Raincoat by Boden UK

Hunter Wellies in Turqoise

Lindy Lou Domed Umbrella

Wednesday, May 26, 2010

Bittersweet Morning

I woke up thinking of all the friends and neighbors we will leave behind in August. I went to my favorite coffee shop and ordered my usual capuccino, hoping to drive the thoughts out of my mind. Saying goodbye is difficult, daunting. We're not just saying goodbye to our friends and family, we are saying goodbye to our lifestyle- our home. Fear bubbled up inside me as I envision our house empty- or worse, filled with new owners who might enjoy it more. Though we will be back- and this is but another chapter in our lives- I have a strong friend base and a lovely "chosen" family here in Ohio. I was raised in Michigan, and though I have lived in Ohio for seven years, I never felt truly at home until we purchased our first home in Historic South Park. It is a beloved neighborhood, where I can honestly say that my neighbors are friends. Here is a little animoto about South Park, for those interested.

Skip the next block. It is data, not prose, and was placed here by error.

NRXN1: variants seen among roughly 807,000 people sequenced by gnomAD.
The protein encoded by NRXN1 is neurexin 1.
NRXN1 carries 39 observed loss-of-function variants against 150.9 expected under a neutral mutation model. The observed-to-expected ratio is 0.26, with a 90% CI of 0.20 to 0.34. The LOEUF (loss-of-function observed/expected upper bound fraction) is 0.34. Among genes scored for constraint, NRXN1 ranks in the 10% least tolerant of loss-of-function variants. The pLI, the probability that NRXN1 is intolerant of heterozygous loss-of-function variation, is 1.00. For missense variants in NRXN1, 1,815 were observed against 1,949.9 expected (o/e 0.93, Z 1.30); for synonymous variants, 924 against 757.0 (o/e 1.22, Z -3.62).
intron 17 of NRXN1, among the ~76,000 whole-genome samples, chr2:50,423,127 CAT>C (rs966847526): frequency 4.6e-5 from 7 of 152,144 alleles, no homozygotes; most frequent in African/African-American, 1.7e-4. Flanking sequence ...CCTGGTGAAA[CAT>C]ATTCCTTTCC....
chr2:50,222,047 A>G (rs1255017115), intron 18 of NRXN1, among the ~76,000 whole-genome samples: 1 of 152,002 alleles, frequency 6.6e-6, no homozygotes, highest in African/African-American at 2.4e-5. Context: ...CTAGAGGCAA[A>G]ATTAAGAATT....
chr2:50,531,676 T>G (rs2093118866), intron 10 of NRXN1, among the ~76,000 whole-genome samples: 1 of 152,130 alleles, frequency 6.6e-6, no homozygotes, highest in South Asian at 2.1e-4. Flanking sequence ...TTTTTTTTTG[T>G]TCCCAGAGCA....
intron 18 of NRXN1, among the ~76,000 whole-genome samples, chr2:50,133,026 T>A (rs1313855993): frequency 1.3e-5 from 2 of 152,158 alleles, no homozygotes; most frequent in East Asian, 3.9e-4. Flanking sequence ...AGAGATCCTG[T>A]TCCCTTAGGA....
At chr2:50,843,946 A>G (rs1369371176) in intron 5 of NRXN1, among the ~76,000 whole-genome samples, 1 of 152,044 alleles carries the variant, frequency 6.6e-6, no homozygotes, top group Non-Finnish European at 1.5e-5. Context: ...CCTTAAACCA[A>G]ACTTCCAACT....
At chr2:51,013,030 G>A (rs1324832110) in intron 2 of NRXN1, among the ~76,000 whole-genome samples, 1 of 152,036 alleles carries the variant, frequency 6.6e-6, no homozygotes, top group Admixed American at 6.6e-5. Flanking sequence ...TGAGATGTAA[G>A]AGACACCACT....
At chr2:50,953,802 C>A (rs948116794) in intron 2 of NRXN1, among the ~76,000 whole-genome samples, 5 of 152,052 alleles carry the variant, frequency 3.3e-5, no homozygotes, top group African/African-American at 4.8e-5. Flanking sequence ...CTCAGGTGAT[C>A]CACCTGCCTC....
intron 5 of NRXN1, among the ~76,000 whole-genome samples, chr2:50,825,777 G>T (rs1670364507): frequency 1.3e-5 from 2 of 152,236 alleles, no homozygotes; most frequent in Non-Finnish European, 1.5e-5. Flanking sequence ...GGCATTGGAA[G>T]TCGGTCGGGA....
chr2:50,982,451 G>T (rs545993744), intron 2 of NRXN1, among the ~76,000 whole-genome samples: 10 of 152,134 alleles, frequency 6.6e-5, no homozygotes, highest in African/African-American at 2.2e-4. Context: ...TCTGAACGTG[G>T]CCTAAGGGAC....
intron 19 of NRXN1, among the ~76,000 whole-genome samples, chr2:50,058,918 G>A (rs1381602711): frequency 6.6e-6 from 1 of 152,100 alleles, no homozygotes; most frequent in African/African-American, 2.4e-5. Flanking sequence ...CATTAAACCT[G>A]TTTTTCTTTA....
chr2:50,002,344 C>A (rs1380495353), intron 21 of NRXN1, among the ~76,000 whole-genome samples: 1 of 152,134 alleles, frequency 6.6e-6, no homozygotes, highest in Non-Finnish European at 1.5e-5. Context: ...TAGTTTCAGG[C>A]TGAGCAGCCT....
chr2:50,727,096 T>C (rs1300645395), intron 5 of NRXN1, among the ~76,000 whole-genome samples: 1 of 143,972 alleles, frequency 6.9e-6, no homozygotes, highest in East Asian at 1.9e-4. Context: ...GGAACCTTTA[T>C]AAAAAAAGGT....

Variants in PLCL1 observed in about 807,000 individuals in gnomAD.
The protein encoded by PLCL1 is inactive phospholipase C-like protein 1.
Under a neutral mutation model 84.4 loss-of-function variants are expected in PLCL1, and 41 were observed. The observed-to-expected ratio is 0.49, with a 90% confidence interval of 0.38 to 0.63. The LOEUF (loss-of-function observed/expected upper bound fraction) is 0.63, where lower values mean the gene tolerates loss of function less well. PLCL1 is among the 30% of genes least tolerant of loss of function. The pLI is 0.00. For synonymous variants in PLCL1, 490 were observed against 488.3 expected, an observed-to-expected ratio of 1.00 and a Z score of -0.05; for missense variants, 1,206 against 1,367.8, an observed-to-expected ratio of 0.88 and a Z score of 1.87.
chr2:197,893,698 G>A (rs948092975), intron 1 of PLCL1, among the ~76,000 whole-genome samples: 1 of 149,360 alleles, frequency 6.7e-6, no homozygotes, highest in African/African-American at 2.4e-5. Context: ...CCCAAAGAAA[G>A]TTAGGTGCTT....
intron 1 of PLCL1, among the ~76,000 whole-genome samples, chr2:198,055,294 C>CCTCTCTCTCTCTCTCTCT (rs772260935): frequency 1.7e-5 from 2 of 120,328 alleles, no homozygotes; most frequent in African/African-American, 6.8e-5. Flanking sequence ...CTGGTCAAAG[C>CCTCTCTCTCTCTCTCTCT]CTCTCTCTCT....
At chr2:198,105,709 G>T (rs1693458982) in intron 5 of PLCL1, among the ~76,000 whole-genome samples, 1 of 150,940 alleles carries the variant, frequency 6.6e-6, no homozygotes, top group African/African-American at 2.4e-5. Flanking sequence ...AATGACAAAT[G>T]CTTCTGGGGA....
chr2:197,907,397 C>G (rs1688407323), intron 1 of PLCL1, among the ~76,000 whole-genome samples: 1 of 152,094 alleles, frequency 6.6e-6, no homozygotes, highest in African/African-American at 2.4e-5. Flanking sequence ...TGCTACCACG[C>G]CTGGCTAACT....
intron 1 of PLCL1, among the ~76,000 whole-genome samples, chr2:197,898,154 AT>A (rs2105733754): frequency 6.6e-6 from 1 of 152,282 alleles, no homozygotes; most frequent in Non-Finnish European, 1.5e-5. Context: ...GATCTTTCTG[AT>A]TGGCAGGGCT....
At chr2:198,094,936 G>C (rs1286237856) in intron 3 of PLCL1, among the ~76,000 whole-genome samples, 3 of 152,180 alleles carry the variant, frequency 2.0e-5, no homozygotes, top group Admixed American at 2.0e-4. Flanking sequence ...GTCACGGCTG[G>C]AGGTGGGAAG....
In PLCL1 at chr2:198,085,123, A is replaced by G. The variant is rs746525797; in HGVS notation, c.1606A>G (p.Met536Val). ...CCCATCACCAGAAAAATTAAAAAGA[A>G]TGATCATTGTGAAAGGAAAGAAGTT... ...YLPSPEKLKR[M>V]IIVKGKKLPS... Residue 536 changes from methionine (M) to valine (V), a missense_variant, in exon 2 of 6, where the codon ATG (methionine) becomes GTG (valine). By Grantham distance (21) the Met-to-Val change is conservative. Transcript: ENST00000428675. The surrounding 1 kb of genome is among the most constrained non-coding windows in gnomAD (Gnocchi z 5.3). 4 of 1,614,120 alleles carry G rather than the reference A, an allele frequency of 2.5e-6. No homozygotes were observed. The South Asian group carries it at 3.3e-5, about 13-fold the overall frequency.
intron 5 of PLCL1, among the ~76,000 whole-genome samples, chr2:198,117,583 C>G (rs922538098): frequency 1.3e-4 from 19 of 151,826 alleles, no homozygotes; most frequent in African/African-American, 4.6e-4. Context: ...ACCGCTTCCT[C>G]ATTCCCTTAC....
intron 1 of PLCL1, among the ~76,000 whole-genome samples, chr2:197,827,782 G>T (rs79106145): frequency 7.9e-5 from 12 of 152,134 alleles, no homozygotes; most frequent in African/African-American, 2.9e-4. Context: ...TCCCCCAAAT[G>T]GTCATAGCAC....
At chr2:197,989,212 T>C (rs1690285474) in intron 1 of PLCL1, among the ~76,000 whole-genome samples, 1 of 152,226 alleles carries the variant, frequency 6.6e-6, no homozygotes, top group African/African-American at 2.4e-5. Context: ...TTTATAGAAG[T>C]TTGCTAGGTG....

Historic South Park

We made a hard decision to sell our house. We could keep it, perhaps rent it out while we are away, but it seems like a lot of responsibility. Selling it leaves room for new owners to create the bonds that we created in South Park. I look at our house differently now, like it is no longer our home. I've rearranged the furniture, taken down our pictures- to be replaced by staged neutrality. Hopefully, when we return, we will find another house that we love just as much as this one. But I can't help but feel a little bittersweet about the process. With light, there is always dark. Hopefully our time in London will be an amazing, once-in-a-lifetime opportunity for both of us.